Grow at Home: Green Manure for better soil•
Posted on 23 November 2020
What is green manure?
To start with, Green Manure has nothing to do with the wrong end of a cow! The 'manure' in question is plants that are grown and then dug back into the ground to improve the soil. Its a simple process. So, they grow and then rather than harvesting, you dig them back into the soil. The plants chosen must be quick growing as this process only takes a few weeks.
Why use green manure?
There are several reasons for growing green manure as part of your winter garden.
The most popular reason for growing them is to stop weeds growing in an area where you aren't growing anything. This is mainly for veg beds in winter but can also be very useful when you take on an allotment and know you aren't going to be able to plant it all in the first year.
Improve the Soil
Many gardeners also grow them in order to improve the soil by adding extra nitrogen. It can also improve the actual structure of the soil. This will give better drainage or water retention - depending on what problem you have. If your site is prone to flooding or get a bit boggy then green manure might help with the problem. The other good thing to come from planting green manure is to provide a habitat to attract beneficial insects to your plot.
Bare soil, exposed to wind and rain can lose nutrients and be eroded. Green manure will not only stop the nutrients already in the soil from being lost but will also add extra nutrients. This makes green manure a particularly good choice for gardeners working on an exposed site.
You can even plant it between tall plants such as sweetcorn to suppress weeds and between broccoli to deter pests. Research has shown that some flying pests can be confused if the outlines of their food plant are disguised. So planting underneath your brassica plants with vetch or trefoil disguises the outline of the crop and seems to confuse and deter cabbage root fly.
How to choose the right green manure
So which one to choose? The choice of green manure will depend on what task you want it to do and how long you want the ground to be covered.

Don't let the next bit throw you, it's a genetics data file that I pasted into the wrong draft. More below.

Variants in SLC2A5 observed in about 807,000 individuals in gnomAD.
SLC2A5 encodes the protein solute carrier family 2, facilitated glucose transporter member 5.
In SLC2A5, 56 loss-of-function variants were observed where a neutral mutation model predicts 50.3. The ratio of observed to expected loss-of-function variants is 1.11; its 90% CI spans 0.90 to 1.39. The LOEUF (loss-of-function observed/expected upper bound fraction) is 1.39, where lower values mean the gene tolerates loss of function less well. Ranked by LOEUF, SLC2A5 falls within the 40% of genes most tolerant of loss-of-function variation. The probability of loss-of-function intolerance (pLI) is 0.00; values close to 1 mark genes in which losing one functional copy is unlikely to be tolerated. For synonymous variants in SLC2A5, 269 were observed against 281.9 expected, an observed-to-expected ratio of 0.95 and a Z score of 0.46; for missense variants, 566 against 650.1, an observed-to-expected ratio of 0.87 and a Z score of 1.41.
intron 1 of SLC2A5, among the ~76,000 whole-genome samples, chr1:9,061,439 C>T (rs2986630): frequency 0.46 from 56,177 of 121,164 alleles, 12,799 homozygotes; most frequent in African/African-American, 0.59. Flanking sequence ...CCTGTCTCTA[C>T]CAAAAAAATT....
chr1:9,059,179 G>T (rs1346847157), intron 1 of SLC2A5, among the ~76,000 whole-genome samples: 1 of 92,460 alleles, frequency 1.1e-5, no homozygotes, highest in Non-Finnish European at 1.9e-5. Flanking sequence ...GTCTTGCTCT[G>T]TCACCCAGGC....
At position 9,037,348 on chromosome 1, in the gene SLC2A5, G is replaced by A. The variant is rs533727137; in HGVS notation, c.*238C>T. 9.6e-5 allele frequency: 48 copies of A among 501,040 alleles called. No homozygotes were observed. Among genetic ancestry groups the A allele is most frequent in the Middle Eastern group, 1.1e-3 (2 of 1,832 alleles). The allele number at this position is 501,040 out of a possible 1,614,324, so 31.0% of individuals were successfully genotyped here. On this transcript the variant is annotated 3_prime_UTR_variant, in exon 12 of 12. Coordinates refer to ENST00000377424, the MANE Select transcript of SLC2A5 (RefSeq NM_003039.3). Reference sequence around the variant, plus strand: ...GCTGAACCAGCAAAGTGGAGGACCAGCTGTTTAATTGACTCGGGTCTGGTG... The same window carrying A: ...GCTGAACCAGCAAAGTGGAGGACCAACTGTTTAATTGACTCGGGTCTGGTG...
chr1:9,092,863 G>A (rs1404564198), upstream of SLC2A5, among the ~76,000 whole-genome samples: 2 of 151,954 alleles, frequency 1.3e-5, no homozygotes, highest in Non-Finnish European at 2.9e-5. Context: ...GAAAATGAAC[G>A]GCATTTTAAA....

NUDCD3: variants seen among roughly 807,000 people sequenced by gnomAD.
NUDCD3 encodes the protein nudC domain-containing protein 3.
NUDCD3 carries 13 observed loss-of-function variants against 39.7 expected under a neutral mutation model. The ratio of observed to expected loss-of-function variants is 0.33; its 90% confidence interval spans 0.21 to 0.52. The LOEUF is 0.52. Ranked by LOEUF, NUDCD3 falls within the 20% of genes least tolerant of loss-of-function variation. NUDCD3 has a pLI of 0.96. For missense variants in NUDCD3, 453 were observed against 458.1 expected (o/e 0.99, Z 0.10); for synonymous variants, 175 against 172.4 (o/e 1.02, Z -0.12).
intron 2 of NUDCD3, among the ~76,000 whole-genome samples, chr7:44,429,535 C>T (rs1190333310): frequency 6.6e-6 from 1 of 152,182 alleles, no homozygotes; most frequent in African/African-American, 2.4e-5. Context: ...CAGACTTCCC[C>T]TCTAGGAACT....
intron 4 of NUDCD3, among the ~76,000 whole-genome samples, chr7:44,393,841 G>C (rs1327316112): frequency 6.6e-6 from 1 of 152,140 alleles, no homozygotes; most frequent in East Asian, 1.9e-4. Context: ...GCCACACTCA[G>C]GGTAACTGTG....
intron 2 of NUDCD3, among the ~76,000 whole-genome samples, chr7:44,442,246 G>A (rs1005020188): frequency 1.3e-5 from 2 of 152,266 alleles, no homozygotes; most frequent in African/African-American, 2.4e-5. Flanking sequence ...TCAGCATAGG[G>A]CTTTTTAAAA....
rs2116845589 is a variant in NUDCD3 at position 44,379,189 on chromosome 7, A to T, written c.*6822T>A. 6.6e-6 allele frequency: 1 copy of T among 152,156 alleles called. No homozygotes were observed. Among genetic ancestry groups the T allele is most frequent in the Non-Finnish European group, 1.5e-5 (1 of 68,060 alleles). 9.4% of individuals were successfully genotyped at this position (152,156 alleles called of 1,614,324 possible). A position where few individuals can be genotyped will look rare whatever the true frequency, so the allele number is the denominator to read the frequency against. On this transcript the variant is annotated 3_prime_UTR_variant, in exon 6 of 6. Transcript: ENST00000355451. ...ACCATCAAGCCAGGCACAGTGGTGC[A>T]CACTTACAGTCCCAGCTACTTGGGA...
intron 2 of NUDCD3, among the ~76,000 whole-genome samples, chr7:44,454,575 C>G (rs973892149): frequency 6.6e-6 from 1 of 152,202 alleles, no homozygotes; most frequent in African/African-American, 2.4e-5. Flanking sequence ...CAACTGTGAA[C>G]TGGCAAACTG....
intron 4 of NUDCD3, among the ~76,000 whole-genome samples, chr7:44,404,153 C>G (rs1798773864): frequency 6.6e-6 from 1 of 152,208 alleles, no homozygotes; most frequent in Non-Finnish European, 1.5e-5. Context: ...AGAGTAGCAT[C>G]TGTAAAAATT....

As with any plants, you will also need to consider the time of year you are planting, your soil type, what was growing there before and what you intend to plant after. That sounds like quite a lot to consider but it is the same as growing any crop really.
So, take into account how long you want the green manure crop to grow for. And then decide if you want weed suppression, soil improvement or protection from erosion. It may well be possible to get more than one of these from the same plant but if you know what you are aiming for it will help you to narrow down the right plant.
Green manures with lots of dense foliage are best to suppress weeds. Those belonging to the pea and bean family are planted in summer and are best for fixing nitrogen. And those with deep roots are good for breaking up the soil pan and improving soil structure and therefore drainage.
Here is a list of popular Green Manures
How to Grow Green Manure
They can be sown from Spring through to Autumn. Sow them in rows or scattered over the area you wish to cover. Allow it to grow for the required time. The time needed will depend on the particular plants you have chosen to grow and when. Be sure not to let them flower as they are best dug in before they flower and set seed.
November is a little late for green manure but some like rye and mustard will still work. If the milder weather continues then you may still get away with others but it will be a bit of a risk and you may end up having to cover your beds with fleece or plastic instead to protect the soil.
Also, as the crop grows keep a watch out for, and remove, any slugs and snails as you are growing a perfect habitat for them! On the flip side it is also a nice cool habitat for frogs so you might be able to attract these to deal with them for you.
Once grown, chop back the leaves and leave them to wilt. After a couple of days, when they are wilted, dig them in to the top 25cm (10"0 of the soil.
If you don't want to do the digging then you can let the plants get caught by frost and leave them on the surface as a mulch.
Allow two to four weeks before planting your new seeds or plants. Err on the side of 4 weeks for sowing seeds as the decomposing plants release a substance that inhibits seed germination. Young plants could probably go in 2 weeks after digging in.
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